Realist-Optimist Approach

How many of today’s major political issues would still rank as major political issues if the objections of concerned voters had been genuinely listened to before overshoot terrain was entered? Precisely. Very few. This is one of several key reasons I am convinced our politically tumultuous times require a much greater respect for the collective wisdom inherent in voter verdicts. As well as back-to-basics resetting. I am equally convinced that political stability and positive growth prospects can return quickly if following, yes, a back-to-basics agenda. And that continued political and economic instability is guaranteed as long as we fail to do so.

I am ideologically independent per definition while a believer in realism and political balance rather than in the individual superiority of any political ideology. Why? Because sound politics requires balancing acts. History leaves little doubt that overreach typically follows any political camp dominating the political scene over a stretch of time. This was not only proven by right-wingers pre-democracy and left-wingers in the 1970s. It is also proven in real time, for those willing to see it, by today’s Centrists. If following this line of reasoning it is indeed easy to conclude that most major political problems today are rooted not in Centrism per se – but in Centrist overshoot.

A speech clip in which I suggest the key reason Denmark, Norway and Finland have all outclassed Sweden during the coronavirus crisis. Speech delivered on September 12 during a Nordic conference, in beautiful Swedish town Kungälv, on how Nordic EU relations are influenced by the coronavirus crisis. The Pan-Nordic School (Nordiska Folkhögskolan) has luckily replaced the once proud Bohus Fortress as the center of town activity. The School is an embodiment of the fact that democratic erosion is not necessary in order to co-operate successfully across borders. In Swedish with English subtitles.

This overshoot can at first be tricky to spot. How so? Because the overshoot has not followed as a consequence of either deliberate planning or widely discussed great-leap initiatives. Instead it has followed through the accumulated effect of many small steps. Individually most of these steps have usually been enacted in good faith: “Of course we care and need to do just a little bit more; no need to fuss”. Taken together, however, these actions have certainly affected society in major ways. As well as moved society way beyond a clear voter mandate. Which is why there is now controversy surrounding just about every so called progressive hobby horse. Including the EU, open borders, the cheap money paradigm, the globalist (lobbyist) economy, the gender fluidity concept as well as the “safe space” university mentality. The latter mentality implies that students should not have to be exposed to “upsetting views”. Meaning almost always, in practice, views of a non-Centrist nature. This politicisation problem within the education sphere helps to explain why, still to this day, there is little academic discussion surrounding the Centrist overshoot situation. And why students are now regularly allowed to “deplatform” non-Centrists.

If really listening to the voter majority concerns these relate to the overshoot – and the overshoot only. Yet numerous Centrist politicians – while still not acknowledging their part in this overshoot mess – continue to insist on branding voters as radicals. There really is no need to be surprised we are now experiencing the deepest establishment-vs-the people divide since the democratic breakthrough.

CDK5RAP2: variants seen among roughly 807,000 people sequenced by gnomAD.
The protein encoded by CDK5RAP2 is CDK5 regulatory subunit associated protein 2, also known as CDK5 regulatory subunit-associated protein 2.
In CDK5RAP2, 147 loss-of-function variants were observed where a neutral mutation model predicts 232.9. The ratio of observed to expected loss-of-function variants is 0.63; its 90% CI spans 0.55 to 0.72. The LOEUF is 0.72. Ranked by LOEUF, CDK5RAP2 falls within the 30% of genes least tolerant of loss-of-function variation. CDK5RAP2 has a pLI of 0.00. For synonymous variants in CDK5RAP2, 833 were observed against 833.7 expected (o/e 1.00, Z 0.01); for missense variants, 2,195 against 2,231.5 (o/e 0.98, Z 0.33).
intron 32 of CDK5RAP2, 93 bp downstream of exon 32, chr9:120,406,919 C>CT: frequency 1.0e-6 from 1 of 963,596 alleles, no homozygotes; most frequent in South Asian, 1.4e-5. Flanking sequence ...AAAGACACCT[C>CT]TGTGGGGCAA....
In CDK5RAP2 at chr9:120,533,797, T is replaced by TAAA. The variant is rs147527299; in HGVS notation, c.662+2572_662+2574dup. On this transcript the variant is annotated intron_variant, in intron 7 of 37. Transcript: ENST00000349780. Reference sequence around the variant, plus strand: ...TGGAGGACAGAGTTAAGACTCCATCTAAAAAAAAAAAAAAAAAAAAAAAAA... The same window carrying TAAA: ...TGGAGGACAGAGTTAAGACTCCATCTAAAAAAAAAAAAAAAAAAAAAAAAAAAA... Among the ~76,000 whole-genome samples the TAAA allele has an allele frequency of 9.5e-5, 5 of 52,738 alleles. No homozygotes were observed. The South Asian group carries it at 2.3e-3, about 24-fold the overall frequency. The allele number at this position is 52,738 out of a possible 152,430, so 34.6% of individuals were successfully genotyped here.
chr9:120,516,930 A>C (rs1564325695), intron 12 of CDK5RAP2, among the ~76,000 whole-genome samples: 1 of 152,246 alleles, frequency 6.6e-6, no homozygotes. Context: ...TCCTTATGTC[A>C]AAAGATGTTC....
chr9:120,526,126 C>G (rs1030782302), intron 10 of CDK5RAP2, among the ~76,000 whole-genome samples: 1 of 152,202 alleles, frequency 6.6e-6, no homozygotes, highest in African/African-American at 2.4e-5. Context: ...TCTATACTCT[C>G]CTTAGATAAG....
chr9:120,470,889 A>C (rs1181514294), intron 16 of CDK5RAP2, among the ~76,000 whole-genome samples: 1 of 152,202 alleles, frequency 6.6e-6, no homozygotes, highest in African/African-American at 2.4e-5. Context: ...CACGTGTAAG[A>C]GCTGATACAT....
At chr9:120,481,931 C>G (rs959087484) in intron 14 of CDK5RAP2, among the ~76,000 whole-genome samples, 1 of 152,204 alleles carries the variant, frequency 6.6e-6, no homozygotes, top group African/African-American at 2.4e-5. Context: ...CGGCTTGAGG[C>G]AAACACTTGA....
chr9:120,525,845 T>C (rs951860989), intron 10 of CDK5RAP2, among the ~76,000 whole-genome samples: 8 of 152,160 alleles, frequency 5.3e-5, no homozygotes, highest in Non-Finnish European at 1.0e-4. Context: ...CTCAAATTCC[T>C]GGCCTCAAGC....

Given that the right action is taken there should be little doubt that the future can be bright. Despite the current divide between the establishment camp and the people camp there is, even today, much more that unites than divides the majority on both sides. Those trying to protect the status quo will, as always, will work hard to claim otherwise, by demonising every argument made by the opposition. Still, at the end of the day the vast majority, on both sides of the divide, wants pretty much the same things. Including an intact democracy, extensive international co-operation, prudent monetary policies, gender equality as well as an honest and respectful public debate. What most arguments are about is how to achieve the objectives, not the objectives themselves. Meaning that, if we start focusing more on our mutual goals, we really can regain mutual respect – and reunite.


The Christmas Truce of 1914 as replicated in a Christmas advertisement 100 years later

This also means that we, in fact, are well positioned to relive, figuratively, the 1914 Christmas truce moment. The moment when German and allied soldiers shook hands on the battle field despite the quarrels initiated by unelected political paternalists. However, in 1914 war resumed already the following day. Why? Because all the paternalists responsible for the war were still in charge. Which is why we now need to make sure that politics is no longer hijacked by top-down-thinkers. Those who do not see the irony when exploiting the-better together argument while simultaneously treating concerned voters with, yes, paternalist condescension.

Temporarily the road has to be bumpy because strongly institutionalised opinion is never given up willingly. However, due to building voter pressure there is every reason to think that, despite all the smoke and dust, real democracy is now reasserting itself. This means that also political stability is about to be restored. Political parties rising to the task by navigating these waters correctly can in a fundamental way speed up this process.